While my eldest is on the computer, I'm going to be doing some simple, fun math games with my preschooler. She thrives with one-on-one time, and we ordered some manipulatives for our core math work (counting bears, pattern blocks, scale, clock, money, etc.). I also bought her the Math Skills K workbook in case she comes around to workbooks by the end of the year. It is very colorful with minimal work on each page, so I think she might come around to working on one page every day alongside me (and with plenty of manipulatives within reach).


I've debated about this a lot, but I think we're going to start over with Story of the World Volume 1. We started this last year, and have made it about half-way through. The girls seem to have enjoyed it and we've taken our time studying about the ancient peoples in the chapters we've read. However, there is so much to do with Story of the World that I think I'd like to start it over again and really dig in this year. I will be using this as the spine of our homeschool. Story of the World can be used for narration, dictation, copy-work, vocabulary, geography, social studies, music, art, read-alouds, and history. Almost all of this is spelled-out in the Activity Guide, and I'd like to make better use of it this year. What can it hurt to study the Ancients again? My preschooler is in love with ancient Egypt, and I'm sure she won't mind.

I'm also going to be ordering the audio cds so that I can upload them onto my phone and computer and play them during snack time, rest time, or travel in the van. I'm hoping this will also help the girls to soak up even more of the information.


We're not using a science curriculum this year, but that doesn't mean we're not going to study science. We're going to be utilizing Brain Pop and Brain Pop Junior (can't say enough good things about these websites! worth every penny!). They have a science section loaded with videos, activities, vocabulary, book suggestions, and games for a whole slew of subjects aligned with Common Core (if you're worried about that sort of thing....). We'll be going through the videos one by one, completing the activities and checking out corresponding books from the library.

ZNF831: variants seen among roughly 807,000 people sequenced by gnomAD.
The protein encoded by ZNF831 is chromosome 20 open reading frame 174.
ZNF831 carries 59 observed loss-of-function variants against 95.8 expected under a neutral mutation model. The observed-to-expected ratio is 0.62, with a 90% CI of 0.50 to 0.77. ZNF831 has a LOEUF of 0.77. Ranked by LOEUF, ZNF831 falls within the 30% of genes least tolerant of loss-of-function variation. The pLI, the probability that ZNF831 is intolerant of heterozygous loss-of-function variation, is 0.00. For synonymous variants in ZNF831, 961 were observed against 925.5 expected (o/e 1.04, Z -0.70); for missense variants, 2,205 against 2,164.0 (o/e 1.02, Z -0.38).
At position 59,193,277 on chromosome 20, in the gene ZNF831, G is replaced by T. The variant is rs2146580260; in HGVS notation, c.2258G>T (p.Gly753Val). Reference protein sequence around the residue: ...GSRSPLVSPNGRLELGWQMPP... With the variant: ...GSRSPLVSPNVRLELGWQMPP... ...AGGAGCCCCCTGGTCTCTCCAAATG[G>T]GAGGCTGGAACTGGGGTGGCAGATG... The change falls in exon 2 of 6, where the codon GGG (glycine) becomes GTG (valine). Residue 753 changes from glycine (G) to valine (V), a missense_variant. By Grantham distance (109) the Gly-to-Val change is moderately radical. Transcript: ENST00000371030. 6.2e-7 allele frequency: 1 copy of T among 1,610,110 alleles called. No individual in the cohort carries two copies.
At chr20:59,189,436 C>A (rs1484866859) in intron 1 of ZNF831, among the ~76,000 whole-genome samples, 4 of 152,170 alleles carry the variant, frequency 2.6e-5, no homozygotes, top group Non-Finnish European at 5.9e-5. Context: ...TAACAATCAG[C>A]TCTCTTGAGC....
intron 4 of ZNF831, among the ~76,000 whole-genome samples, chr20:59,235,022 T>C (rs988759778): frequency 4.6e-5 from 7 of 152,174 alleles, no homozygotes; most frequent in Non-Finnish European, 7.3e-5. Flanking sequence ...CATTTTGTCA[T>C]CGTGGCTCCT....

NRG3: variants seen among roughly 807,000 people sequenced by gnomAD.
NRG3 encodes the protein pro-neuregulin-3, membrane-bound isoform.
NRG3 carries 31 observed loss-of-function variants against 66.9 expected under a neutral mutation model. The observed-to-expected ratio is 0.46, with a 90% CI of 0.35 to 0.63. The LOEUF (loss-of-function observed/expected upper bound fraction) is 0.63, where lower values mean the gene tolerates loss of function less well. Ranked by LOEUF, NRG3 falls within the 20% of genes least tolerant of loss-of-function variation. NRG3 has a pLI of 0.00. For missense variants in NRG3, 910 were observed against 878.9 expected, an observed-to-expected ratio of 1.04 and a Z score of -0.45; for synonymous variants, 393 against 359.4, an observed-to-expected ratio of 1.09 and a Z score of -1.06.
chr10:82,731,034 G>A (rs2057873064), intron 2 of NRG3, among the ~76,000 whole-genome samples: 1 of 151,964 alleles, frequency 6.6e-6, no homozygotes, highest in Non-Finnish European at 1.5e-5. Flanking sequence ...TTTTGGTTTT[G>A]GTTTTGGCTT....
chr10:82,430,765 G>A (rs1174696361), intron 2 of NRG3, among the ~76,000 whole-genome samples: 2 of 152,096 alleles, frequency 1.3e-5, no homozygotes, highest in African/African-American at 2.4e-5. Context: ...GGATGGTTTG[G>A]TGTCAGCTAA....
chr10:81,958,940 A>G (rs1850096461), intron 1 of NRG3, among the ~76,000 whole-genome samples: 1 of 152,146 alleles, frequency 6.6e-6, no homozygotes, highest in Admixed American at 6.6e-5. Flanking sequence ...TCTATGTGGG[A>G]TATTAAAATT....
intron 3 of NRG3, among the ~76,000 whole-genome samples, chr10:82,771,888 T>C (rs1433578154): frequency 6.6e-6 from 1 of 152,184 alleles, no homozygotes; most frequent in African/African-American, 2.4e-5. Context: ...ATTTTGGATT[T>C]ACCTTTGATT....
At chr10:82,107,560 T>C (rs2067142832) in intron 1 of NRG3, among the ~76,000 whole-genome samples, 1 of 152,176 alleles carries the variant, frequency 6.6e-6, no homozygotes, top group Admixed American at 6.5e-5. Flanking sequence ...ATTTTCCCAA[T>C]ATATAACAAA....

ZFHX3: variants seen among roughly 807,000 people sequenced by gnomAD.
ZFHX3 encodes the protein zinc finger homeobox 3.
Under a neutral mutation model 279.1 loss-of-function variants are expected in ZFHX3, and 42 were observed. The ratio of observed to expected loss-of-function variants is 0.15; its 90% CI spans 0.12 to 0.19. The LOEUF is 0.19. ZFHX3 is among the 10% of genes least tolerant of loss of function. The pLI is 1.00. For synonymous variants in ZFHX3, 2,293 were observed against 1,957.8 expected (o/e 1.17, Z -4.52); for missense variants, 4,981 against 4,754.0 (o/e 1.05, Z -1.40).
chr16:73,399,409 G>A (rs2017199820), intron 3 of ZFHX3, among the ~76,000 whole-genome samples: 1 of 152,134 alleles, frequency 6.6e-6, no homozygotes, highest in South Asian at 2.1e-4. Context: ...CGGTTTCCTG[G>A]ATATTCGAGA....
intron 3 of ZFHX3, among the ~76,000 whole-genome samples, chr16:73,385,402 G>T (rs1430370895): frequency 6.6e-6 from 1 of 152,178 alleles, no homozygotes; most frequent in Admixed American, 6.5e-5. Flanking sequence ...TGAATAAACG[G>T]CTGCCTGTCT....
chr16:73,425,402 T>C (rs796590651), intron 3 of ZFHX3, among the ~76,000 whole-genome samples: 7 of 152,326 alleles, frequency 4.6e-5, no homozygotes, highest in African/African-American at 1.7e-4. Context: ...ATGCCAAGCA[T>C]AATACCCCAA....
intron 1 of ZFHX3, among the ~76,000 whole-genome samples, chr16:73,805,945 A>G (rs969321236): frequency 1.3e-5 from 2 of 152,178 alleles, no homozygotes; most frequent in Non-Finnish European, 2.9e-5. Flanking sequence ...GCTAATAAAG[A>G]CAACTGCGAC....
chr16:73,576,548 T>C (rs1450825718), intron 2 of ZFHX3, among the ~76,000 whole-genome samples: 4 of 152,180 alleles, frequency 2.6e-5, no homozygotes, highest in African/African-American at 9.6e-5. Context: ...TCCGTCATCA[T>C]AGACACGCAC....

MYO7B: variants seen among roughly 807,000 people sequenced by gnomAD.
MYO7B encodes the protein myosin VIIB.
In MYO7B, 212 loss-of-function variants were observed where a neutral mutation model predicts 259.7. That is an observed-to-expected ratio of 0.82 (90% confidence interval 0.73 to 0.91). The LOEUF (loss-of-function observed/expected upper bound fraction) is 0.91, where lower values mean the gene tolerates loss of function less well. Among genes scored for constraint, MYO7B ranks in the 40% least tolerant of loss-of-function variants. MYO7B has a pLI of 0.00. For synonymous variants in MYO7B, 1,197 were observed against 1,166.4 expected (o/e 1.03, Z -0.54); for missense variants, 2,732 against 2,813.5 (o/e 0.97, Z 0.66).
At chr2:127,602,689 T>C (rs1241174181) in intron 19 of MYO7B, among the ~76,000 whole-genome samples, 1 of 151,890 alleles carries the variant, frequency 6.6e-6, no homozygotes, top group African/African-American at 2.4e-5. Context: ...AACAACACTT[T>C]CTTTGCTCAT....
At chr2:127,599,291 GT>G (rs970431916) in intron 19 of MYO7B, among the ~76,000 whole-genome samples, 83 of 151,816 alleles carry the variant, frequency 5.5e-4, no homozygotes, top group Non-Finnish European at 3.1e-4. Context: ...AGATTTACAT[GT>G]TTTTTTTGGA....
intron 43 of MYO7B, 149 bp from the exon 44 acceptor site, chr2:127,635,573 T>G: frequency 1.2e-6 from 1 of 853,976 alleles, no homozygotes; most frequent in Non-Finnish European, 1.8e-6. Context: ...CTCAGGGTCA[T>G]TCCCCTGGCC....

We'll also continue to fill our home with all things science - nature study, science toys (Snap Circuits, science experiment kits), books, and educational tv shows like the Magic School Bus and Cosmos (if you haven't watched Cosmos with your children, you should). My kids have learned an amazing amount from these things already (my 6-year-old can tell you about DNA, for instance), so we'll just continue to see where our interest leads.


Grammar has become such a regular part of our lunch time that the girls hardly even know they're "learning grammar." I started First Language Lessons: Level 1 towards the end of the year and will definitely keep working through the levels. It is very repetitive, but for my young kids, that's okay. Each lesson takes about 5-10 minutes and I go through one lesson while the girls are finishing up their lunch. My 4-year-old can tell you the definition of a noun and my 6-year-old is learning about proper sentence form, capitalization, proper and common nouns, and narration. And that's good enough for me.


We hardly did any arts and crafts last year, and I want to change that. Not only do I want my girls to get their hands a little dirty, but I want them to learn about some famous artists, and technique. That's where Home Art Studio comes in. I picked up the Kindergarten, First Grade, and Second Grade DVDS at a steal from Homeschool Buyer's Co-op. These videos were made by an art teacher who wanted to bring age-appropriate art classes into the home. My girls are SO excited about these, and we'll be doing one project each week.

Religious Education

We don't have a Unitarian Universalist church here, and have not found much of a religious community for ourselves or our children. I've become involved in a local Zen Buddhist temple, and have made friends with several priests, and am very grateful that my children have become involved as well. They enjoy going to the temple with me and feel very comfortable there. But in one year, we'll be moving back to the US, and our kids are going to need to learn a bit more about Christianity. I also want them to develop more spiritual awareness and their own relationship with God.

I purchased the most progressive, liberal, non-creedal Christian curriculum I could find, from where else but... Progressive Christianity. I'm going to try to do one lesson a week and see how it goes. I'll definitely be writing a review of this after we've jumped into it. If you'd like to see a list of lessons, go here.

Yay for school!

I can't even begin to tell you how excited I am to begin school on Monday. We have long-awaited dentist appointments that morning, but I'm not letting that stop us. Our appointments are early in the morning, and when we get back home, to school we'll go!

If you are homeschooling, when will you be starting your next school year? Have you used any of these books or curriculum? I'd love to hear what you're doing in your homeschool.